Jeffrey WilkinsonApril 13, 2012 by admin • Alumni
I remember going to a lecture by David Hurn in Manchester. When it had finished, I went to talk to him and mentioned that I was interested in his Documentary Photography course. He gave me some leaflets to take home and read.
When reading through them, it said something about a warm coat and good shoes being more important than lots of camera gear. This appealed to me, I’d never been that interested in lots of camera gear anyway. I suppose it appeared slightly unconventional too, perhaps not what youʼd expect from a college prospectus. But it summed up this unique and characterful course, by being immediately direct and relevant: ‘You’ll just need a camera and a 50mm lens to start with’ I was told when I arrived, and when we were all busy on the (in)famous Person at Work assignments, that’s all we used. It made you think about what you were doing, without the equipment getting in the way.
It was only after I’d finished the first year that I realized how cleverly structured this course was. Person at Work, Relationships, Establishing Shots, all leading to the Three Picture Story: we were putting picture-stories together right from the beginning without even realizing it. The importance of these initial practices of incorporating ‘pace’ (which was drummed into us all the time) is something thatʼs remained with me, and still used today in my current work. I even continued to use the Magnum contact sheet cataloguing system we were taught, until the digital workflow took over, and then this system didn’t quite work anymore! I must find out what digital cataloguing system they teach the students these days…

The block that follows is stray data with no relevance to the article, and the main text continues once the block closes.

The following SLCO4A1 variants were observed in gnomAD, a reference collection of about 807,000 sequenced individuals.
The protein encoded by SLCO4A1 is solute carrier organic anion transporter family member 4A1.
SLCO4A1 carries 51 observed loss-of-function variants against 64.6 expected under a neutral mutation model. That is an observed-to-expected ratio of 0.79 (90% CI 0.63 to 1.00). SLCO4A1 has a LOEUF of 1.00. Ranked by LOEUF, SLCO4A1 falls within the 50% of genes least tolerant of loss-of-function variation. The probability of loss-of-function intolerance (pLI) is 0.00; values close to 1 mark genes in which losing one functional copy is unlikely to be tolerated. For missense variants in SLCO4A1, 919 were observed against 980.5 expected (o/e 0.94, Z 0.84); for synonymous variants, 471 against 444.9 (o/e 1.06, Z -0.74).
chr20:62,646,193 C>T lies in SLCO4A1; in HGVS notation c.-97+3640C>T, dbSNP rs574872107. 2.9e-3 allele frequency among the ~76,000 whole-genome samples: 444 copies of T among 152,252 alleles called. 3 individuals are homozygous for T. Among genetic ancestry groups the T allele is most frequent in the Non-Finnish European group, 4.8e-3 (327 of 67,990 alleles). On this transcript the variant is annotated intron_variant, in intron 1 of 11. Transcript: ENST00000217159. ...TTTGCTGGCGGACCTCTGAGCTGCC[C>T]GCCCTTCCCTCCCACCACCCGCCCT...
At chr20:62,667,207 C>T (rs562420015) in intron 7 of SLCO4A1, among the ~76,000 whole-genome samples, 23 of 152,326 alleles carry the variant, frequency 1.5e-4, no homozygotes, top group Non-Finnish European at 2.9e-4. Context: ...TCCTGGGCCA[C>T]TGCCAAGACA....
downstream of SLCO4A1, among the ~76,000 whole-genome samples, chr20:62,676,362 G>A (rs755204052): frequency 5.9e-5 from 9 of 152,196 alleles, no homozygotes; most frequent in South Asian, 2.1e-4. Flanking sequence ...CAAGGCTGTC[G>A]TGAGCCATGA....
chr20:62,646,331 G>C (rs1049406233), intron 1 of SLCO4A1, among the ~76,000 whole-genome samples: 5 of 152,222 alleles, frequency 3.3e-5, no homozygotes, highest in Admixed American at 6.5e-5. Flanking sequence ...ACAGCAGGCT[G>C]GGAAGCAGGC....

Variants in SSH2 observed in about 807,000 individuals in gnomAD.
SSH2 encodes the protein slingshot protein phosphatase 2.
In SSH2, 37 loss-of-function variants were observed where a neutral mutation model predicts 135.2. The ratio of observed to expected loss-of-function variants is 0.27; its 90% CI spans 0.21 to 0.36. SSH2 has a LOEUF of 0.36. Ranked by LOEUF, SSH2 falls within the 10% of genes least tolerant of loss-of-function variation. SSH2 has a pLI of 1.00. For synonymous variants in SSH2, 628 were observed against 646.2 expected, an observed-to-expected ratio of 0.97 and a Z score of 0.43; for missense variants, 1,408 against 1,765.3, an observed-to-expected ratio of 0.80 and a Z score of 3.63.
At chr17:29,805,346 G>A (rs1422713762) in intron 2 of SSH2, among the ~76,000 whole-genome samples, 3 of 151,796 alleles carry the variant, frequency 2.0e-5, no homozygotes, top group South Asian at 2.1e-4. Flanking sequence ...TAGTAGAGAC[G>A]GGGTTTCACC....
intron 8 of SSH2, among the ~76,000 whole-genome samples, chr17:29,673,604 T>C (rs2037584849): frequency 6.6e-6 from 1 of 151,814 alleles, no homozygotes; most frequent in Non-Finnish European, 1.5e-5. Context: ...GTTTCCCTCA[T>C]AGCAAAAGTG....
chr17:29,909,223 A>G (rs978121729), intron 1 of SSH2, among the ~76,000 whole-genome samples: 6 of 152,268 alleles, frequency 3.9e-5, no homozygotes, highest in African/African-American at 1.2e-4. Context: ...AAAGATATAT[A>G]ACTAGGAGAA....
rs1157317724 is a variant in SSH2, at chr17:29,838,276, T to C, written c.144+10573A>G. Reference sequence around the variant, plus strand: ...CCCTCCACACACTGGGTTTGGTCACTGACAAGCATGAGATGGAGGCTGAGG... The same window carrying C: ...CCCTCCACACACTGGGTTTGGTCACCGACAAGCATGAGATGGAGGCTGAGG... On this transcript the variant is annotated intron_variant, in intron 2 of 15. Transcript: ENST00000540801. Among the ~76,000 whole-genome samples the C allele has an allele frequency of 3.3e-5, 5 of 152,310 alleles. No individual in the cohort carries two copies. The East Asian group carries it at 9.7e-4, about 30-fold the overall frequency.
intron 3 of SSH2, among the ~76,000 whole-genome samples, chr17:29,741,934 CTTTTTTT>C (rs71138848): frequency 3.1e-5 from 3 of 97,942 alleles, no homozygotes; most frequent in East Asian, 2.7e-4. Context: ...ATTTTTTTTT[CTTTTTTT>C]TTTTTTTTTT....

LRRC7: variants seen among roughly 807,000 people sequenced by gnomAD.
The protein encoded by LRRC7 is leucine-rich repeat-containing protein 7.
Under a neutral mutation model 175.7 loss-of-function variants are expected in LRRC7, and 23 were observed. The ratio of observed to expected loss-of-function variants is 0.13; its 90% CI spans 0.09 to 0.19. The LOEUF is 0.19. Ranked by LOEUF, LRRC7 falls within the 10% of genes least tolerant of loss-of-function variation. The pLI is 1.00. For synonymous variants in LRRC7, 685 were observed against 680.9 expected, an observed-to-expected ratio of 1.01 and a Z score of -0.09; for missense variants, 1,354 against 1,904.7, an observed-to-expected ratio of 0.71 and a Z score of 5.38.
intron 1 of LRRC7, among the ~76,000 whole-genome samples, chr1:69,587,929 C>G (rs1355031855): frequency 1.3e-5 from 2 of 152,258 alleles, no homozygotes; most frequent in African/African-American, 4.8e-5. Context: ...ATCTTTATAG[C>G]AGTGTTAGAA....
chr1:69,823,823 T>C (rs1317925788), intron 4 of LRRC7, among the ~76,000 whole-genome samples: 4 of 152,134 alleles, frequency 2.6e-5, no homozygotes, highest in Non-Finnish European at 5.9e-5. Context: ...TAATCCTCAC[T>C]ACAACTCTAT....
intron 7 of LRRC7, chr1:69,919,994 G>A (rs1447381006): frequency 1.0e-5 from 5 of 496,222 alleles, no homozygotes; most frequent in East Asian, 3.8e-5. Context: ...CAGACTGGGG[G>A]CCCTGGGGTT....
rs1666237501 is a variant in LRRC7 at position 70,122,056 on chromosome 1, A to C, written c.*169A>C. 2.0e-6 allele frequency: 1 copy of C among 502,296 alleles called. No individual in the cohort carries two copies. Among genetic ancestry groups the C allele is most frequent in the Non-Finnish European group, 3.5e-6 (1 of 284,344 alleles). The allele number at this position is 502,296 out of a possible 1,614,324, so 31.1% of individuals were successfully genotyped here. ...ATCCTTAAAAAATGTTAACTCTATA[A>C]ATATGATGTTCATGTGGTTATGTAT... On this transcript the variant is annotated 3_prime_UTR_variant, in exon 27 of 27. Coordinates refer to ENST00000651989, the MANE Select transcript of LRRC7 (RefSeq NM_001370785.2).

Even though my style of work, or what interests me in photography, hasn’t changed since before I did the course to having finished it, it did give me the opportunity to spend lots of time trying to get things right. All this took place whilst being guided and advised by real photographers who knew what they were talking about. You couldnʼt help but become more focused and efficient in making sure your work stayed relevant and made sense, and what Iʼll never forget is the availability of some of the greatest photography ever produced, in their original magazine publications, on shelves in Davidʼs office.
So, you find yourself part of this widely acknowledged photographic institution, in this relaxed and informal setting, youʼre surrounded by the best imagery and inspired and encouraged by respected working photographers; you really can’t ask for more than that. There was also David, Daniel, Clive and Paul often printing up their own work right next to us in the darkrooms, so we could see and discuss their current work too. They did have the best enlarger though!
Jeffrey G. Wilkinson. Documentary Photography, 1987-89.